The Central Narcotics Bureau (CNB) of Singapore issued a statement in which it said, Forty-five-year-old Singaporean, Saridewi Djamani, was put to death on July 28 in Changi Prison. Djamani was in 2018 sentenced to the mandatory death penalty after being convicted of possessing 31 grams of heroin. Saridewi is the first woman to be hanged in Singapore since hairdresser Yen May Woen, 36, in 2004, also convicted of drug trafficking.
The CNB in its statement said: “She was accorded full due process under the law and was represented by legal counsel throughout the process.” It added that Singapore laws permit the death penalty for trafficking anything above 15 grams of heroin.
Singapore known to have harshest drug laws in the world
Singapore maintains some of the world’s harshest drug laws and its government remains adamant that capital punishment works to deter drug traffickers and maintain public safety. Under the law, anyone caught trafficking, importing or exporting certain quantities of illegal drugs like methamphetamine, heroin, cocaine or cannabis products will receive the mandatory death sentence. The country has hanged 15 people since resuming executions for drug convictions last year. This includes foreigners and an intellectually disabled man.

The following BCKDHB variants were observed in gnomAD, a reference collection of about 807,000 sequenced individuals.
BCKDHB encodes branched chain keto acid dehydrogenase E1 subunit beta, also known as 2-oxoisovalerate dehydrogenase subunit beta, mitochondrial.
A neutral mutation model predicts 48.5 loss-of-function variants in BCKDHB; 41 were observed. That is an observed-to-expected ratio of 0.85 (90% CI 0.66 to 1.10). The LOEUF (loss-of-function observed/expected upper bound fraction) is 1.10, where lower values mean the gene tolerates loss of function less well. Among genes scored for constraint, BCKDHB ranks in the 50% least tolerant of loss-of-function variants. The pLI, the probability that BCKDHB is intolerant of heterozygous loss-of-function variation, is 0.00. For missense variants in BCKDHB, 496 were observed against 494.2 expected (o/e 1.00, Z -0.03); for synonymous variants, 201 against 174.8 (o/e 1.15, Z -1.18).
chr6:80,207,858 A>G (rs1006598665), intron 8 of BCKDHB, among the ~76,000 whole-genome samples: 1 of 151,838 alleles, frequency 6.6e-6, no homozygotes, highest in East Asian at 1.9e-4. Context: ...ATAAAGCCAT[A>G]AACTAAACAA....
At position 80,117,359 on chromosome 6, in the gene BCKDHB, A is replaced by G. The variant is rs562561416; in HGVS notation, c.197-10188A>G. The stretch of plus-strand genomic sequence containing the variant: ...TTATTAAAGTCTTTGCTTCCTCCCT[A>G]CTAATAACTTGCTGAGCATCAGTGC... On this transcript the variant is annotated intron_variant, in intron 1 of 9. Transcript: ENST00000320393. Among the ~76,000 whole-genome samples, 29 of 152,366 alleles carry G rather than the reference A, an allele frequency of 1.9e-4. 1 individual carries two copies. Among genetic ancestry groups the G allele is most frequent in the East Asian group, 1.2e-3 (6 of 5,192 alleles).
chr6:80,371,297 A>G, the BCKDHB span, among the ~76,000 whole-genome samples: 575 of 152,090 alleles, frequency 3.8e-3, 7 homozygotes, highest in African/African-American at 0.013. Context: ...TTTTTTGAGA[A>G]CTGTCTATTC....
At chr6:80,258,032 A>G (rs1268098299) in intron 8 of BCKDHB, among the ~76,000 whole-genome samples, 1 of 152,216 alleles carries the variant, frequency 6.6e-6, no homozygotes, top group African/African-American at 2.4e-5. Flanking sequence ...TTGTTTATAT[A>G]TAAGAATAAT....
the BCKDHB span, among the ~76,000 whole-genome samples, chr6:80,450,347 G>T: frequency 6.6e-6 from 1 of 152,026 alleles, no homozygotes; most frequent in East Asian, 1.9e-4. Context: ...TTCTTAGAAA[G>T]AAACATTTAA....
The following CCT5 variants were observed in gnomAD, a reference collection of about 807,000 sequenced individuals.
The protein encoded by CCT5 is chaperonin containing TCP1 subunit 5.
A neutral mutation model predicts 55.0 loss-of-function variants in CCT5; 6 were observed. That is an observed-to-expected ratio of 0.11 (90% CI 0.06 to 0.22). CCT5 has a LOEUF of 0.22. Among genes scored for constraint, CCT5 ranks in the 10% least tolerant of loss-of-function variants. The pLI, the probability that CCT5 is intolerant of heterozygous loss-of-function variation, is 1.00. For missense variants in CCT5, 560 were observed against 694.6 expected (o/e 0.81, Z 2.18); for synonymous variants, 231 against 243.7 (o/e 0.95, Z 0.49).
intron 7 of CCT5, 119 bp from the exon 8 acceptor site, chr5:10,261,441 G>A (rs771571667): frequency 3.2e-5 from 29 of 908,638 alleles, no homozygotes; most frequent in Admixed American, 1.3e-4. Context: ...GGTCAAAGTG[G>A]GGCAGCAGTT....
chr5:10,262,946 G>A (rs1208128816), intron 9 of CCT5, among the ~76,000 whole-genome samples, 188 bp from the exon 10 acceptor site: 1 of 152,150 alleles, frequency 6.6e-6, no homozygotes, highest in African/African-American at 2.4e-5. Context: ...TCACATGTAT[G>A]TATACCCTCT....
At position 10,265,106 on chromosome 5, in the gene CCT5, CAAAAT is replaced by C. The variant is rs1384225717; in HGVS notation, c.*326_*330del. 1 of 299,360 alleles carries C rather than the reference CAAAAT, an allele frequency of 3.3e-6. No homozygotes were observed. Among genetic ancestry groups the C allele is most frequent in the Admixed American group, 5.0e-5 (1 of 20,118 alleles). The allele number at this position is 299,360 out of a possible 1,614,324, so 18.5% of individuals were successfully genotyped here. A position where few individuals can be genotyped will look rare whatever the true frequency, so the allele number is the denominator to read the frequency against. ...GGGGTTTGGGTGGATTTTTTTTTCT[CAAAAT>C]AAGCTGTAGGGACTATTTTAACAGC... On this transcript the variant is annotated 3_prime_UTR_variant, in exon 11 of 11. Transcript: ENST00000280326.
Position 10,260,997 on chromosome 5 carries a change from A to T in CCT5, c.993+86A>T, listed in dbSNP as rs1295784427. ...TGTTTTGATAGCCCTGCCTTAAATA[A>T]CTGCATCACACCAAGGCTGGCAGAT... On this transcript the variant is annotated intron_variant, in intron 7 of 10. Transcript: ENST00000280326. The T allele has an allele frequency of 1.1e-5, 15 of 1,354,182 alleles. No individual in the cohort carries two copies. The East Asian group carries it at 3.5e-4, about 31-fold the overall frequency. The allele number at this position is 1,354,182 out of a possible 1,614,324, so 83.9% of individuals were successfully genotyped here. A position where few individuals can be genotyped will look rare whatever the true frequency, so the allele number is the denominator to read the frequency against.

The CNB said: “Capital punishment is used only for the most serious crimes, such as the trafficking of significant quantities of drugs which cause very serious harm, not just to individual drug abusers, but also to their families and the wider society.”
Outrage by civil society over hanging of Saridewi
Founder of the non-profit group ‘Responsible Business Initiative for Justice’ Celia Ouellette, said: “The government of Singapore violates human belief in redemption and the capacity for rehabilitation by insisting instead on taking drastic and irreversible action.”
“Singapore risks not only its international reputation but its financial future as well. It’s time for it to abolish capital punishment once and for all,” she said Secretary general of France-based NGO ‘International Federation for Human Rights’ Adilur Rahman Khan called Saridewi’s execution a “grim milestone” and renewed calls for the Singaporean government to stop executions.
(With inputs from ANI)